Twenty-five leading Holocaust figures and educators worldwide wrote to Mark Zuckerberg on Tuesday, offering to meet him and help raise Holocaust awareness within the Facebook community.
"Facebook must not allow complete and utter falsehoods about the Holocaust, and about the Jewish people, to go systematically unchecked," they wrote. "Freedom of speech laws are not a reason to do nothing – inaction is aways the opportunity for evil to flourish."
Zuckerberg was widely criticized last month after he said Facebook would not automatically remove a post denying the Holocaust from the social media site.
“I’m Jewish, and there’s a set of people who deny that the Holocaust happened,” he said in an interview with the Recode tech website. “I find that deeply offensive. But at the end of the day, I don’t believe that our platform should take that down.”
Germany was among those who were quick to slam Zuckerberg for his approach. “There must be no place for anti-Semitism. This includes verbal and physical attacks on Jews as well as the denial of the Holocaust,” Justice Minister Katarina Barley said. “The latter is also punishable by us and will be strictly prosecuted.”
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Henry Grunwald OBE, chairman of the U.K. National Holocaust Centre and Museum, posted the letter sent to Zuckerberg on his Twitter account. The letter was accompanied by a July 27 story on the front page of The Times of London, titled "Antisemitic hate posts allowed by Facebook."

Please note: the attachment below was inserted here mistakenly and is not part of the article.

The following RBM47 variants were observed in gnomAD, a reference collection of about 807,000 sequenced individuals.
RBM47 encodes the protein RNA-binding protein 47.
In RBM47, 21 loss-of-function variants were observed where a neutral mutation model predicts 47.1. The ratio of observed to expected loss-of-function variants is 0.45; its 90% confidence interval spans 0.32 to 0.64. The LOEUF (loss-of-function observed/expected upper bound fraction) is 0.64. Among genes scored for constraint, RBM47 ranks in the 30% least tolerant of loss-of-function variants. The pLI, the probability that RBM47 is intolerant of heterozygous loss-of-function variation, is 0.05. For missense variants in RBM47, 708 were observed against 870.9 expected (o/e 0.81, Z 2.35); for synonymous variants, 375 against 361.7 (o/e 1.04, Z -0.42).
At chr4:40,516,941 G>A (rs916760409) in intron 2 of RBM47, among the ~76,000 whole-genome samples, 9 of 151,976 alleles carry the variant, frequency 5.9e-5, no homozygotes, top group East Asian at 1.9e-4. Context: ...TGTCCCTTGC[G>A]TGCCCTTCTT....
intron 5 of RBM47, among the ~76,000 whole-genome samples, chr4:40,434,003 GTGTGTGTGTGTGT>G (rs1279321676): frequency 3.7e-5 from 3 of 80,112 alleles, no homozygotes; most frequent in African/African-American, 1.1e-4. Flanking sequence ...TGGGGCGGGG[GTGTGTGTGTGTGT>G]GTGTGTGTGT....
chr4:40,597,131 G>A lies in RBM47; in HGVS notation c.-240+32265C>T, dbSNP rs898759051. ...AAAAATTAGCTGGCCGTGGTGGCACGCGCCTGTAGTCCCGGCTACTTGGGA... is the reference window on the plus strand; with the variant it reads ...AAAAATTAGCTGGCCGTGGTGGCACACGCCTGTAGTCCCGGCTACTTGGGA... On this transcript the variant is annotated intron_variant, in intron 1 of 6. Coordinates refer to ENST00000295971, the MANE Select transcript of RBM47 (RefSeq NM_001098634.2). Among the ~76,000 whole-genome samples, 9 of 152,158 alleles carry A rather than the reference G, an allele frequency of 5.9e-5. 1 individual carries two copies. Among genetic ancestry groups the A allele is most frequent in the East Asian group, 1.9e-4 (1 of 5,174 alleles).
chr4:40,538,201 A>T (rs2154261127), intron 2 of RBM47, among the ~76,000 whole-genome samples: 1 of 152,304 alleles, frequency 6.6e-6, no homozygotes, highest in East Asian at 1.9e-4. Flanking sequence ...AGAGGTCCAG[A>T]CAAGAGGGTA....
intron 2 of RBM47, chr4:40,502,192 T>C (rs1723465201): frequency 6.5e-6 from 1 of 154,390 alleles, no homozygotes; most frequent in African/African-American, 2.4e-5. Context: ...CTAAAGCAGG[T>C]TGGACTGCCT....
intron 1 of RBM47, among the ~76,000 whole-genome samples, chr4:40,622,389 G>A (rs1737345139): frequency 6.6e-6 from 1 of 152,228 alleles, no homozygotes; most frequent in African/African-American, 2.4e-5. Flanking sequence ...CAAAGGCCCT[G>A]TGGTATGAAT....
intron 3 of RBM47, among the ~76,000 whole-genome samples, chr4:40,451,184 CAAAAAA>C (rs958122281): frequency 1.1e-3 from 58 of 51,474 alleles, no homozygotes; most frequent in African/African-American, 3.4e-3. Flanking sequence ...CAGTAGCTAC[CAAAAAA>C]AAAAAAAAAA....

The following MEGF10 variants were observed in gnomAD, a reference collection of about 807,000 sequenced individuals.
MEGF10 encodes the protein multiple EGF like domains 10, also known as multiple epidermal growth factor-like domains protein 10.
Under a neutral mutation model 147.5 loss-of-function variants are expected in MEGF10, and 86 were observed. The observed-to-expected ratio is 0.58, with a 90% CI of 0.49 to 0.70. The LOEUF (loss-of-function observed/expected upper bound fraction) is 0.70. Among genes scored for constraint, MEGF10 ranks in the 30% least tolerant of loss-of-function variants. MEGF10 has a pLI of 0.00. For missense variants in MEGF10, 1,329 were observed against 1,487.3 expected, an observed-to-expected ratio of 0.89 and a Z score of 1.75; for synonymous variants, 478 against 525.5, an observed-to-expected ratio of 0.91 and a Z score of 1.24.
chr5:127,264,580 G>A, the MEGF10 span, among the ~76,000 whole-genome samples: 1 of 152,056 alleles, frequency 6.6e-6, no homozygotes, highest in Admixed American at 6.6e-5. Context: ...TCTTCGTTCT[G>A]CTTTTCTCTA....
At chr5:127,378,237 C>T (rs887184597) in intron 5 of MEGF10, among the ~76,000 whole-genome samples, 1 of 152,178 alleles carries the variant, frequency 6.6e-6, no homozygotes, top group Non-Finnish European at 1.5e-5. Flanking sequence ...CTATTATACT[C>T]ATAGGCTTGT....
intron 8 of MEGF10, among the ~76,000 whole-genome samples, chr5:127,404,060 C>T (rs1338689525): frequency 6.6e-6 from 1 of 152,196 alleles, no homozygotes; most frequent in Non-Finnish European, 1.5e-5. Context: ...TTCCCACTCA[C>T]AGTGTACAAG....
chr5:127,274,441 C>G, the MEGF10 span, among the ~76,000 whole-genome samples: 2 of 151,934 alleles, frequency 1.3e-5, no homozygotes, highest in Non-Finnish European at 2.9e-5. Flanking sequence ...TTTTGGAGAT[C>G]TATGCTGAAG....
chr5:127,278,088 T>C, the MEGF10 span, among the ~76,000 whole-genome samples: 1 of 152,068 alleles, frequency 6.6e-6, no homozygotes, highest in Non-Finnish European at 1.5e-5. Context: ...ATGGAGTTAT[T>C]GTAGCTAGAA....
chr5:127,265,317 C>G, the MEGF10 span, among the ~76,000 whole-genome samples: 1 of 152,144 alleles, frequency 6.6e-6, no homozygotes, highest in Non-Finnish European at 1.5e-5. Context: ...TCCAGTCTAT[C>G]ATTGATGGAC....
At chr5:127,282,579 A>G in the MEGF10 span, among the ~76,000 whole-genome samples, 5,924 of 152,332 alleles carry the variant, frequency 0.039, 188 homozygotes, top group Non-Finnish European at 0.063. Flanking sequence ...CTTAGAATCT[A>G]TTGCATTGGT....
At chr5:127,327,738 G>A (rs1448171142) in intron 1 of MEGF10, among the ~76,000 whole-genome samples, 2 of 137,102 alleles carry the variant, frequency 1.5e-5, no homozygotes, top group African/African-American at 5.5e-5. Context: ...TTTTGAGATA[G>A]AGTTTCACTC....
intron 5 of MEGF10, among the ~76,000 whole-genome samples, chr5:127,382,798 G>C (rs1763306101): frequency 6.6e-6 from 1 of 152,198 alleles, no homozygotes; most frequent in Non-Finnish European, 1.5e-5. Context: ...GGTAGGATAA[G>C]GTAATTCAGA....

"No society can afford to ignore, hide or bury antisemitism if it wishes to remain civilized," the letter stated. "History proves that it is the canary in the coal mine; the first unravelling of a society's moral fabric."
It continued: "Since Facebook runs across the national borders which constitute society, we beseech you to work with us to protect society against one of the longest and darkest hatreds which, in the space of just three generations, is seriously beginning to threaten it once again."
The signatories included Simon Bentley, the head of Yad Vashem U.K.; Prof. Peter Schafer from the Jewish Museum Berlin; Stephen D. Smith, executive director of the USC Shoah Foundation; Laura Marks, chairwoman of the U.K. Holocaust Memorial Day Trust; and Diane Lee, director general of the Imperial War Museum in London.
The group offered to meet with Zuckerberg "to scope a specific and bespoke education program, aiming at raising Holocaust awareness and acceptance within the Facebook community."
They also quoted Zuckerberg's Recode interview in their closing paragraph. "Powered by the good ethics and willing of you and your team, and the primary research, educational tools, creative resources and survivor testimony of our global Holocaust expert network – we can together help those who are 'getting a few things wrong' to get a few things right."
Anti-Defamation League CEO Jonathan Greenblatt also challenged Zuckerberg's position last month, calling Holocaust denial “a willful, deliberate and long-standing deception tactic by anti-Semites that is incontrovertibly hateful, hurtful, and threatening to Jews. Facebook has a moral and ethical obligation not to allow its dissemination.”
Greenblatt added that his organization would “continue to challenge Facebook on this position and call on them to regard Holocaust denial as a violation of their community guidelines.”